USP Terre Haute Brandon Bernard
The Trump administration's post-election push to carry out federal death-penalty sentences — with two more people scheduled to die before Joe Biden takes office — has rallied opponents who hope to save the life of a 40-year-old man who committed his crime when he was 18.
Among those trying to stop the Dec. 10 execution of Brandon Bernard is the prosecutor who won the guilty verdict against him for the 1999 double murder of youth ministers Todd and Stacie Bagley during a carjacking and robbery, in which Bernard was one of three participants but did not pull the trigger.
Angela Moore, a former US. attorney, now argues that Bernard should be spared, citing recent research on teen brains that suggests Bernard, who she describes as a model reformed prisoner, "lacked an adult’s capacity to control his impulses, consider alternative courses of action or anticipate the consequences of his behavior" at the time of the crime.
Also taking up Bernard's case is Kim Kardashian West, the reality TV star and justice reform advocate who successfully petitioned President Donald Trump in 2018 to commute the life sentence of Alice Marie Johnson, who was sentenced for a first-time nonviolent drug offense.
"First, I want to say that a terrible crime was committed and me fighting for a stay of execution does not take away from the sympathy I have for the victim's [sic] Todd and Stacie Bagley, and their families," Kardashian West wrote in a series of tweets Sunday. "My heart breaks for everyone involved."
"While Brandon did participate in this crime, his role was minor compared to that of the other teens involved, two of whom are home from prison now," she continued.
FindAGrave.com Stacie and Todd Bagley
"In fact, Brandon was not a part of the initial carjacking that took place and was stunned when the robbery turned into a homicide with one of the other teens shooting both Todd and Stacie in the head," Kardashian West wrote.
"The gunman then turned to Brandon, gun still in hand, and told him to light the car Todd and Stacie lay in on fire to destroy the evidence," she tweeted. "Brandon believed both were dead, though Stacie was not, and was fearful for his own life, so he made the terrible decision to comply."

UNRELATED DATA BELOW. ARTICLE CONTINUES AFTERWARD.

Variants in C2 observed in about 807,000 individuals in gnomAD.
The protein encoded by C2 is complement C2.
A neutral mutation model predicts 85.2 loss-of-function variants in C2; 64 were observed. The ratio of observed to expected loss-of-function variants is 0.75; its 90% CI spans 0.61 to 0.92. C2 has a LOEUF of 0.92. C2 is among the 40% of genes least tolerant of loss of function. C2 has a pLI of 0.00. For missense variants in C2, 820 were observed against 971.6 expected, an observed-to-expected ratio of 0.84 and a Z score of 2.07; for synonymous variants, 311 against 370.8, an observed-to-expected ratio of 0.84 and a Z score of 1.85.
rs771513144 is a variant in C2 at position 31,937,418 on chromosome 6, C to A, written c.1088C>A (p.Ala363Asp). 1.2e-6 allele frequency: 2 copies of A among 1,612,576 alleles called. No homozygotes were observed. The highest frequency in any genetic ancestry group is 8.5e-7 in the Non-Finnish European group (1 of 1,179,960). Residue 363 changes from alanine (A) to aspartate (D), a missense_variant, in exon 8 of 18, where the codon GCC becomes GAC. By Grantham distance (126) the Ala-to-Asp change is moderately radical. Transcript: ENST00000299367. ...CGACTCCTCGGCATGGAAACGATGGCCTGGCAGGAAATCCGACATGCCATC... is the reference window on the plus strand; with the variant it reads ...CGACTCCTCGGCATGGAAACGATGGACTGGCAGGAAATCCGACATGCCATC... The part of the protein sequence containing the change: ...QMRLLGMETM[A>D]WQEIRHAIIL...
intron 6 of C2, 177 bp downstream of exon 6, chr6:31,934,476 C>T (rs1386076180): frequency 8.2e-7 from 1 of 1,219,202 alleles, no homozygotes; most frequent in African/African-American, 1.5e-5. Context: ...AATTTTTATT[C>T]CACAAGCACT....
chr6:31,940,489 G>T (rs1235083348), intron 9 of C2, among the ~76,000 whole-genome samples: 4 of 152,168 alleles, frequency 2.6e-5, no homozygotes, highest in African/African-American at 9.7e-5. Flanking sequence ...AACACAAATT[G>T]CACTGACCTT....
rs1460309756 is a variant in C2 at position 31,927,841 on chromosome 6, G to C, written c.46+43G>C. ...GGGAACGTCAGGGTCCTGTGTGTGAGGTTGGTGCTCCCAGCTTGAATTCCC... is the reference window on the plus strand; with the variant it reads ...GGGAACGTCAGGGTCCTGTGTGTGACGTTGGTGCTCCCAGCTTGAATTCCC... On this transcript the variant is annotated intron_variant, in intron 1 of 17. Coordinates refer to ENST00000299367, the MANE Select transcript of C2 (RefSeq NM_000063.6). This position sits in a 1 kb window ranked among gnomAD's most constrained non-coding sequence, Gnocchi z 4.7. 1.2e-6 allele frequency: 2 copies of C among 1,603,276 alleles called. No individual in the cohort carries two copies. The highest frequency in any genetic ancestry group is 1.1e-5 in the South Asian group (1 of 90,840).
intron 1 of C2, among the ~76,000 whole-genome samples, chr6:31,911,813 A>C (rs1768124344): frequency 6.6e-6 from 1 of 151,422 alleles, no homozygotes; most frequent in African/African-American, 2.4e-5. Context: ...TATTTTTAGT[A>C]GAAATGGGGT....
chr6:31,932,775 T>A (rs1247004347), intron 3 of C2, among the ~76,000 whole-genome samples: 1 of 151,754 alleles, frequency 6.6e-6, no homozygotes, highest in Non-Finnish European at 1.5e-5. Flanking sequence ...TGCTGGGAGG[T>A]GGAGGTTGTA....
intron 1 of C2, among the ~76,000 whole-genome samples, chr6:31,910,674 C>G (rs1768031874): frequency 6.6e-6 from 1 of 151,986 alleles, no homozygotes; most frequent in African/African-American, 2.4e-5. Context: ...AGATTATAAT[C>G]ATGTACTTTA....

The U.S. Justice Department acted on Oct. 16 to schedule Bernard's execution, accelerating the resumption of federal death-penalty executions after a 17-year hiatus, reports The New York Times.
Since July, when that hiatus ended, the Trump administration has executed eight people — including, in September, Christopher Andre Vialva, 40, who was convicted alongside of Bernard for the Bagley murders.
First, I want to say that a terrible crime was committed and me fighting for a stay of execution does not take away from the sympathy I have for the victim's Todd and Stacie Bagley, and their families. My heart breaks for everyone involved.
— Kim Kardashian West (@KimKardashian) November 29, 2020
According to the Justice Department, Todd Bagley had stopped to use a payphone in Killeen, Texas, when he agreed to give a ride to Vialva and two others.
Once in the victims' car, Vialva pulled a gun and ordered the Bagleys into the trunk, then drove for several hours while stopping at ATMs to withdraw money from the couple’s bank account and trying to pawn Stacie Bagley’s wedding ring.